It was the summer of 2019 and I was in the midst of my MBA in France when I got really lucky to get a summer internship with Peace Parks in Malawi and Zambia. The goal of the internship was to develop a business plan for the financial sustainability of some of the national parks in the region. For those of you who don’t know, both Malawi and Zambia are countries located in South-East Africa, south of Tanzania. While Malawi is famous for Lake Malawi, Zambia’s tourism boasts of Victoria Falls as well as some amazing wildlife reserves. The internship also happened to be my first time ever in Africa and towards its fag end, I took a week off to visit the South Luangwa National Park in Zambia (a park that I believe should be on every wildlife lover’s bucket list!).
Leopards were my main focus in South Luangwa, and I distinctly remember that on this particular game drive, I was on trail of a leopardess I had seen the previous day attempting to make an early morning kill. She had navigated through the deep drainage gullies of the park, a characteristic she developed over the years of hunting in the region (something that was also very succinctly captured by BBC and narrated by Sir David Attenborough).
However, this being my first trip to Africa, I was easily distracted- there were so many new species to capture, so many new opportunities to create great images. I did have some specific images in mind I wanted to click during this trip though, apart from those of leopards (leopard on a tree would have been a bonus!), such as an elephant silhouette during sunset, a head-on lion with the wind blowing into its mane, behaviour of young ones across species etc. Another one of the photographs I envisioned happened to be an image of a giraffe drinking water, as I was aware of the awkward way in which they do so, and I always felt it would make for a great image. I got lucky this particular day and having mentally planned for it helped.
We came across this tower of Thornicroft’s giraffes (yes, a group of giraffes is called a tower, TIL) relaxing as the day began to settle. I noticed one of them was around a water puddle and my hopes to get that ‘envisioned’ image began taking flight. Given that this event does not happen often, one needs to be very quick to not miss the opportunity to capture such animal behaviour. I had a quick look at my camera settings to make sure they were appropriate to capture action and the shutter speed was in the right ballpark. Then, I just went ahead clicking, focussing on the composition, hoping I got the other elements right.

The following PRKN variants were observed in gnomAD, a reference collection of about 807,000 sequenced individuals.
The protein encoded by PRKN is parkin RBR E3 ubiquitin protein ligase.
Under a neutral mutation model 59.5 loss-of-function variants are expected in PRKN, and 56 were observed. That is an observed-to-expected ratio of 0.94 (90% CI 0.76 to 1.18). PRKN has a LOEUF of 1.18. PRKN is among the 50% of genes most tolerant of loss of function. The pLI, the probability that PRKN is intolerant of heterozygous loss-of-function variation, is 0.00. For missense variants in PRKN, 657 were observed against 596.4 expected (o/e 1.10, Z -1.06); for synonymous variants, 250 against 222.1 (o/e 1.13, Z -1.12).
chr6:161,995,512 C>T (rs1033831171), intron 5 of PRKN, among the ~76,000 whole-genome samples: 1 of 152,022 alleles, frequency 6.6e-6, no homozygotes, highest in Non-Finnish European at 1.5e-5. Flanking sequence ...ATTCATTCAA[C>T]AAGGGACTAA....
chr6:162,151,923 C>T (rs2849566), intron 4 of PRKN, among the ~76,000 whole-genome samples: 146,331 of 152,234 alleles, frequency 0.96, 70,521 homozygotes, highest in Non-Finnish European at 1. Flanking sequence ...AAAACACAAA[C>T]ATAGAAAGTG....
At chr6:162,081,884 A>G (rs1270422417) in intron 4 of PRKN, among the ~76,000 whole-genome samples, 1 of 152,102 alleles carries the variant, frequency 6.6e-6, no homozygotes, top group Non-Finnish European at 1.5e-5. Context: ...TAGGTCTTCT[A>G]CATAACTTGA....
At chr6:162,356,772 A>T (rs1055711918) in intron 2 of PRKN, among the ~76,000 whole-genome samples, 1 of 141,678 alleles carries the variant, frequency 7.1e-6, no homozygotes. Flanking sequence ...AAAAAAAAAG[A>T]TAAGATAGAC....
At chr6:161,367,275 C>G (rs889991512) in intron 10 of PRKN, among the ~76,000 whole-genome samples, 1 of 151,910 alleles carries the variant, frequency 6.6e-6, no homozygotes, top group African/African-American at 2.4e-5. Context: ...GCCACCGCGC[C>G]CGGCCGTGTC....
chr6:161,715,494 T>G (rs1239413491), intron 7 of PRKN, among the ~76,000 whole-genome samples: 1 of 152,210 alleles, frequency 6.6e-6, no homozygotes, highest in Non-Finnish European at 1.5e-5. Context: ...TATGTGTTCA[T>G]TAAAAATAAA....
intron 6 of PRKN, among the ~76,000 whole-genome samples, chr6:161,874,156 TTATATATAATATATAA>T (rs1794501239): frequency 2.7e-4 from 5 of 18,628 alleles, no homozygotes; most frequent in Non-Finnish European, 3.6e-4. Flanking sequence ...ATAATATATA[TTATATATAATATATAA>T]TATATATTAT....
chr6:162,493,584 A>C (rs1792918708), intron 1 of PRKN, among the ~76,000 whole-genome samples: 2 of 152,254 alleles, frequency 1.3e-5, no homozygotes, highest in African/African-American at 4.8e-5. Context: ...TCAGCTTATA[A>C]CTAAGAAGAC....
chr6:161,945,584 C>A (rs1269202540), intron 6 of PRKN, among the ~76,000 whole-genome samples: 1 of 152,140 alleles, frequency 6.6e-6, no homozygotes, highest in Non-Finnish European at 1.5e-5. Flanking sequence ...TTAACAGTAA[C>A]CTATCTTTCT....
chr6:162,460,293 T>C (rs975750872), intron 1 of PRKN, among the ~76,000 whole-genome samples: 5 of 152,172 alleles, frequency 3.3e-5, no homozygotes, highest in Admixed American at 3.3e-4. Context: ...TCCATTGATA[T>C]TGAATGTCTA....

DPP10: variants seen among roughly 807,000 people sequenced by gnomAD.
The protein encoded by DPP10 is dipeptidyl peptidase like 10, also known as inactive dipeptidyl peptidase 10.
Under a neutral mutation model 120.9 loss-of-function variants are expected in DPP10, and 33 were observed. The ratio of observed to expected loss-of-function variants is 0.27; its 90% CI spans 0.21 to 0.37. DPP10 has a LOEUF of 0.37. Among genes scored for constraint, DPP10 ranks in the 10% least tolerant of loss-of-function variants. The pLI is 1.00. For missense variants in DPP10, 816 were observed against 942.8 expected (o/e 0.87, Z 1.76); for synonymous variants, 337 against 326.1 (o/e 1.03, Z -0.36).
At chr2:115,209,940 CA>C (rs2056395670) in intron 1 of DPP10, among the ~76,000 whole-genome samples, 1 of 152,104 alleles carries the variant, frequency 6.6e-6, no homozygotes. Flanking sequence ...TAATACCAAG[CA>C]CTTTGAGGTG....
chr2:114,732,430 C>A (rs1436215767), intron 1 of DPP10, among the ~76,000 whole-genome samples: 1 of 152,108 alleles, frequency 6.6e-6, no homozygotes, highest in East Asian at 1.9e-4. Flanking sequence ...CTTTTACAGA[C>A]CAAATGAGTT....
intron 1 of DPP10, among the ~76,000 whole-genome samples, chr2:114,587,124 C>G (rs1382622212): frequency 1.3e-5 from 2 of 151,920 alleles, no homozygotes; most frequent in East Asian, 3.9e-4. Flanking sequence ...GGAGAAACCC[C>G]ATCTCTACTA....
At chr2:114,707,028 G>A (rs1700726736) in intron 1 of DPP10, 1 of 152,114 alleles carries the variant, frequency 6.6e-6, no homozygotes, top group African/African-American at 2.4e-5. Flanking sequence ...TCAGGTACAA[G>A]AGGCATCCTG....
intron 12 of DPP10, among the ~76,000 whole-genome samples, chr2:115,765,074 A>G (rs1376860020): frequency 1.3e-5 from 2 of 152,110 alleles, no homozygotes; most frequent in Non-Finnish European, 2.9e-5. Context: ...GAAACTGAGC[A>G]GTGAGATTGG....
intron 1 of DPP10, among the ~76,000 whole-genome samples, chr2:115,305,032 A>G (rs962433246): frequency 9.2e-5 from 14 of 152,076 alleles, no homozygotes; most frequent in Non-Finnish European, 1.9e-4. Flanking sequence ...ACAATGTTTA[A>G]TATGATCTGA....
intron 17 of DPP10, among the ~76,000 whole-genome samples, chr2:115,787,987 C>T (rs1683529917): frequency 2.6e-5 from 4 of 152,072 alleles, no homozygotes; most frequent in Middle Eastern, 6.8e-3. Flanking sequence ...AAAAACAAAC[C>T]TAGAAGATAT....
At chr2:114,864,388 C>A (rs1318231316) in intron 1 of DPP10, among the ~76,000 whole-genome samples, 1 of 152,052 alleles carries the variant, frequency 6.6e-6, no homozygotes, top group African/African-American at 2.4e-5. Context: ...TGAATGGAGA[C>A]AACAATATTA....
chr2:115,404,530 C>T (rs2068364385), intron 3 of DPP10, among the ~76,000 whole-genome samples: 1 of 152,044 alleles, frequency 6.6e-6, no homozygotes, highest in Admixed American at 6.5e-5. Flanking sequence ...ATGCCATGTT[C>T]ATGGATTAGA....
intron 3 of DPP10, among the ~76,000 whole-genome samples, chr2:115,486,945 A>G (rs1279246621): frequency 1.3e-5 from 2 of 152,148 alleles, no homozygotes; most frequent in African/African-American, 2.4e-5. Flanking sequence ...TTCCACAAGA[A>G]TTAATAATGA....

Giraffes quenching their thirst is often not a speedy affair. Those long necks, so well adapted for getting to the tastiest leaves on the highest branches, are unfortunately not long enough to reach the ground. They have to thus spread their legs awkwardly to get down to the water source. They then toss the water up into the air, rolling their tongues while doing so. While most of the water splashes out, they manage to down some as well. This action is even harder to come by because giraffes only drink water once in a few days. Most of their needs are met by the water in the plants they eat.
I hadn’t seen the back of the camera images right till the end when the action was over. When I did, I was hoping I did not mess it up. Luckily, I didn’t. 🙂
Ever since I posted this giraffe’s image, it has gone viral and has received a lot of social media attention, with hundreds of wildlife and travel pages resharing it and a lot of people reaching out to me through DMs and comments. It is great to see people not so involved in wildlife and photography also seeing a funny side in the image and enjoying it. While some admired the symmetry and the animal behaviour so aptly captured, others compared it to images of their friends throwing up after a tequila shot! What do you think? Let me know in the comments.